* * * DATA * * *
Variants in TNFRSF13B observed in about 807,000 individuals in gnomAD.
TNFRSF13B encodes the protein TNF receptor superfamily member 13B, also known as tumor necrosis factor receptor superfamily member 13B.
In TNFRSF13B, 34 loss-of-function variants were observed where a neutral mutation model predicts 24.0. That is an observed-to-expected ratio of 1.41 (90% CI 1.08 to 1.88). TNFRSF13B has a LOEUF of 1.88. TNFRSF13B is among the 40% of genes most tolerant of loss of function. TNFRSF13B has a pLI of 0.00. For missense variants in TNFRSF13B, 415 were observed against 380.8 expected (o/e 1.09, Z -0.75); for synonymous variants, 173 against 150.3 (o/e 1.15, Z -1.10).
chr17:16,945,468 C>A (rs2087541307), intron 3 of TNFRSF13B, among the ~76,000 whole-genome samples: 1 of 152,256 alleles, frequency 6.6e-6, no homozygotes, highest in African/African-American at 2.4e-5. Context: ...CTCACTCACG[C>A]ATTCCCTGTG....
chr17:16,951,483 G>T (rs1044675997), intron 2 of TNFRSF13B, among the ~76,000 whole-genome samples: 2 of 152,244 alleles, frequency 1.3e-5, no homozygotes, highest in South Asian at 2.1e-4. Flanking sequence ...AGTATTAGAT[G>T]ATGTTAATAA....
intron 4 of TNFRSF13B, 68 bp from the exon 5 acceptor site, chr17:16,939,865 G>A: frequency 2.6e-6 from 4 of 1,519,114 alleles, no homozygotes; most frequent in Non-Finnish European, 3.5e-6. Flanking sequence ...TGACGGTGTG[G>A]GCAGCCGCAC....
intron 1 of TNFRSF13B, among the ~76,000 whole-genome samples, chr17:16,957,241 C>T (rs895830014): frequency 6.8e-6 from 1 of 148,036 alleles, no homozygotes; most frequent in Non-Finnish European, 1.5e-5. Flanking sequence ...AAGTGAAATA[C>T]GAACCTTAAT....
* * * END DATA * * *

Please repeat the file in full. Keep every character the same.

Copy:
Variants in TNFRSF13B observed in about 807,000 individuals in gnomAD.
TNFRSF13B encodes the protein TNF receptor superfamily member 13B, also known as tumor necrosis factor receptor superfamily member 13B.
In TNFRSF13B, 34 loss-of-function variants were observed where a neutral mutation model predicts 24.0. That is an observed-to-expected ratio of 1.41 (90% CI 1.08 to 1.88). TNFRSF13B has a LOEUF of 1.88. TNFRSF13B is among the 40% of genes most tolerant of loss of function. TNFRSF13B has a pLI of 0.00. For missense variants in TNFRSF13B, 415 were observed against 380.8 expected (o/e 1.09, Z -0.75); for synonymous variants, 173 against 150.3 (o/e 1.15, Z -1.10).
chr17:16,945,468 C>A (rs2087541307), intron 3 of TNFRSF13B, among the ~76,000 whole-genome samples: 1 of 152,256 alleles, frequency 6.6e-6, no homozygotes, highest in African/African-American at 2.4e-5. Context: ...CTCACTCACG[C>A]ATTCCCTGTG....
chr17:16,951,483 G>T (rs1044675997), intron 2 of TNFRSF13B, among the ~76,000 whole-genome samples: 2 of 152,244 alleles, frequency 1.3e-5, no homozygotes, highest in South Asian at 2.1e-4. Flanking sequence ...AGTATTAGAT[G>T]ATGTTAATAA....
intron 4 of TNFRSF13B, 68 bp from the exon 5 acceptor site, chr17:16,939,865 G>A: frequency 2.6e-6 from 4 of 1,519,114 alleles, no homozygotes; most frequent in Non-Finnish European, 3.5e-6. Flanking sequence ...TGACGGTGTG[G>A]GCAGCCGCAC....
intron 1 of TNFRSF13B, among the ~76,000 whole-genome samples, chr17:16,957,241 C>T (rs895830014): frequency 6.8e-6 from 1 of 148,036 alleles, no homozygotes; most frequent in Non-Finnish European, 1.5e-5. Flanking sequence ...AAGTGAAATA[C>T]GAACCTTAAT....